Four out of five vehicles rolled out on the road everyday have a Lucas TVS component fitted on them. The group caters to all the automotive OEMs by supplying electrical motors for all the applications. The tool room of a manufacturing stalwart of this scale is always loaded with tough and challenging jobs. G. Sadanandam has been a privy to the workings of this tool room since the last thirty years and today leads the facility ably drawing upon his vast experience and well-rounded expertise. Here are the excerpts from a candid conversation with him:
On challenges before the tool room managers in India today:
The biggest challenge is Speed. The discussion is no more about the quality, that is a given. Speed with which you deliver the first time right tool/ mould or die at a competitive price is what matters. This is primarily because the product life cycle has shortened and also variety has increased within products.
When competing globally, one has to adopt the practices and deliver the performance that match the global level. So, delivering results in such a highly competitive environment with first time right product in the least possible time is our challenge.
What are the essentials to compete at the global level?
First there has to be a tremendous improvement in technology and manpower. Technology is the key to faster delivery and optimal performance. In my own field, automation helps double the output at one-third the labor cost. Technology also plays a vital part in mending the knowledge gap between the Indian labor and the rest of the globe. The steady increase in the size of the Indian markets that is happening now should act as a stimulus for the industry to adopt new technology. This is the right time for India to catch up with the global level of technical expertise and the country needs to seize the opportunity.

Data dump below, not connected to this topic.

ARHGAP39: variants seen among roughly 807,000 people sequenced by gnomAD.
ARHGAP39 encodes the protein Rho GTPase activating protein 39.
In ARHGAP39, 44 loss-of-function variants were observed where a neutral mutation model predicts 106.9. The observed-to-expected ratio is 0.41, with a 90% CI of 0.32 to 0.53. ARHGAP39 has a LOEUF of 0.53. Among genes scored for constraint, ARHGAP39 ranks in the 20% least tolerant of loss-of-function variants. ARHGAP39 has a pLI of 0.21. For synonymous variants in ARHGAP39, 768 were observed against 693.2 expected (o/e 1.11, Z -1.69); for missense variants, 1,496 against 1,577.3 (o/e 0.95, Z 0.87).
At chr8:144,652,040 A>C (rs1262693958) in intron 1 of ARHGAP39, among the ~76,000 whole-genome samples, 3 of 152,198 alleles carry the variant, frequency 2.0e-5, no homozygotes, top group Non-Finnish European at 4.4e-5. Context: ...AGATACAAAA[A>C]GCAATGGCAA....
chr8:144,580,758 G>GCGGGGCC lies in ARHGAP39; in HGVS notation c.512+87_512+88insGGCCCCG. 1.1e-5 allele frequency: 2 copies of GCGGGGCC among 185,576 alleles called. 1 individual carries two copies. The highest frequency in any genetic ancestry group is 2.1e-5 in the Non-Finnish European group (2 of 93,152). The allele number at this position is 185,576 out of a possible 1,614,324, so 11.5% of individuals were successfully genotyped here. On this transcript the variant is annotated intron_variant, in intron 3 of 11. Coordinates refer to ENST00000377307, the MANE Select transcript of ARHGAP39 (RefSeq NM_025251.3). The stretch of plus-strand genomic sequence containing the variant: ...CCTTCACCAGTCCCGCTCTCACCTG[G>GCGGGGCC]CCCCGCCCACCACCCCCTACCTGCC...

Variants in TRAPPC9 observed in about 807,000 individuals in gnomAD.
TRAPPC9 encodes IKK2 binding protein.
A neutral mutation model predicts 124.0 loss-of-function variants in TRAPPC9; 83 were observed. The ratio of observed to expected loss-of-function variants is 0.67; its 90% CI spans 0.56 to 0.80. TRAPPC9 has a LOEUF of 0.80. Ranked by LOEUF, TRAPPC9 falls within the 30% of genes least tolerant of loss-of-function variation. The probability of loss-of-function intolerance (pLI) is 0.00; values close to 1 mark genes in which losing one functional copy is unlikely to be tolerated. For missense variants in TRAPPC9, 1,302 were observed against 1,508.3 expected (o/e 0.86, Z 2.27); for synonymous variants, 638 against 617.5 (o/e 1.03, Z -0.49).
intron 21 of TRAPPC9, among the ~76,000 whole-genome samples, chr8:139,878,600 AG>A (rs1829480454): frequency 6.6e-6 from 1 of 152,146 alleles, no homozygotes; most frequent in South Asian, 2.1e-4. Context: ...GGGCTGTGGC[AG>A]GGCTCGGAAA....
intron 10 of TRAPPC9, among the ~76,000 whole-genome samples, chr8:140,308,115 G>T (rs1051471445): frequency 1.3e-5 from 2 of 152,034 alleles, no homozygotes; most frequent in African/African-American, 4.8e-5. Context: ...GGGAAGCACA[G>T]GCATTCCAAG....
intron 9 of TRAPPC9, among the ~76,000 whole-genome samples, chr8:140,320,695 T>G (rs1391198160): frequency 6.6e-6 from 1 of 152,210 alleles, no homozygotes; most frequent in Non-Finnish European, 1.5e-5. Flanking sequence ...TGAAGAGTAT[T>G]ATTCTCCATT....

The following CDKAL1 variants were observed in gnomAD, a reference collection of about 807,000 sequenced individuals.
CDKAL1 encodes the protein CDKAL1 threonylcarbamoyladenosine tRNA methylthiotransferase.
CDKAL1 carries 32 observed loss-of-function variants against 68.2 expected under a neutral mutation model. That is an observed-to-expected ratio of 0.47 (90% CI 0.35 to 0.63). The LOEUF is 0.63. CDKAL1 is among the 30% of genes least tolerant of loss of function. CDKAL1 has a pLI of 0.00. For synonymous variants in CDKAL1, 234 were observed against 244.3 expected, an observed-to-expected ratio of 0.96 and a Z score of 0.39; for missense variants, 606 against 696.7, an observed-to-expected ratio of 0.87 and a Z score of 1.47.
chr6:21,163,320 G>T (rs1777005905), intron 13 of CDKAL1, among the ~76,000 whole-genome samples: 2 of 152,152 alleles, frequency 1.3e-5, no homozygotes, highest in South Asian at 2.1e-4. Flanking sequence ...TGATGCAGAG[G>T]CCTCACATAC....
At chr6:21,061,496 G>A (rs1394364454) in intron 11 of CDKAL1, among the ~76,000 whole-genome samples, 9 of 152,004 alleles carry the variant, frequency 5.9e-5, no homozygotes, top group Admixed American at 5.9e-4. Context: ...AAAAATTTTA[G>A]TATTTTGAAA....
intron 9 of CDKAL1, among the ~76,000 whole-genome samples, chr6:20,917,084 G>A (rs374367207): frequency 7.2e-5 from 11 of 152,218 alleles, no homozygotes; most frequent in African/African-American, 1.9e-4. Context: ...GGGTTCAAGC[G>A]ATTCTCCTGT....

Your take on future of Indian Machine tool industry:
We in India understand that technology works to fulfill a precise function and unnecessary frills must be avoided. For instance, in the wire drill, Sparkonix has used a stroke pump instead of a compressor unit to pump the dielectric. It fulfills the function of pumping the fluid.
Is it reliable? Yes.
Is it good quality? Yes.
Is it cost competitive? Yes.
This fits my definition of technology-delivering the desired performance reliably at the optimal cost. This can strengthen India’s position globally.
Today the biggest challenge for the tool room managers is Speed. The discussion is no more about the quality, that is a given. Speed with which you deliver the first time right tool/mould or die at a competitive price is what matters.
What are some trends you see shaping up the Machine Tool Industry today?
I think automation is not a trend anymore; it is what people expect wherever it is required. I see two major domains where Indians can take the lead and shape the future of machine tool industry:
Development of Modular Machines:
Modular machines gives us tool room managers
a lot of flexibility and also make the machines easily maintainable.
Modular machines are easy for tracing errors and repairing faults. This is also helpful for the machine tool manufacturer because when the product is modular, the process can be made leaner. It is easy to outsource such processes. With increasing costs of Indian labor, I think our focus must be on designing the best and outsourcing the rest. Innovation in design is our core and we need to focus on it.
Environment friendly machines:
There is no alternative but to care for our planet. This has to be the priority now on.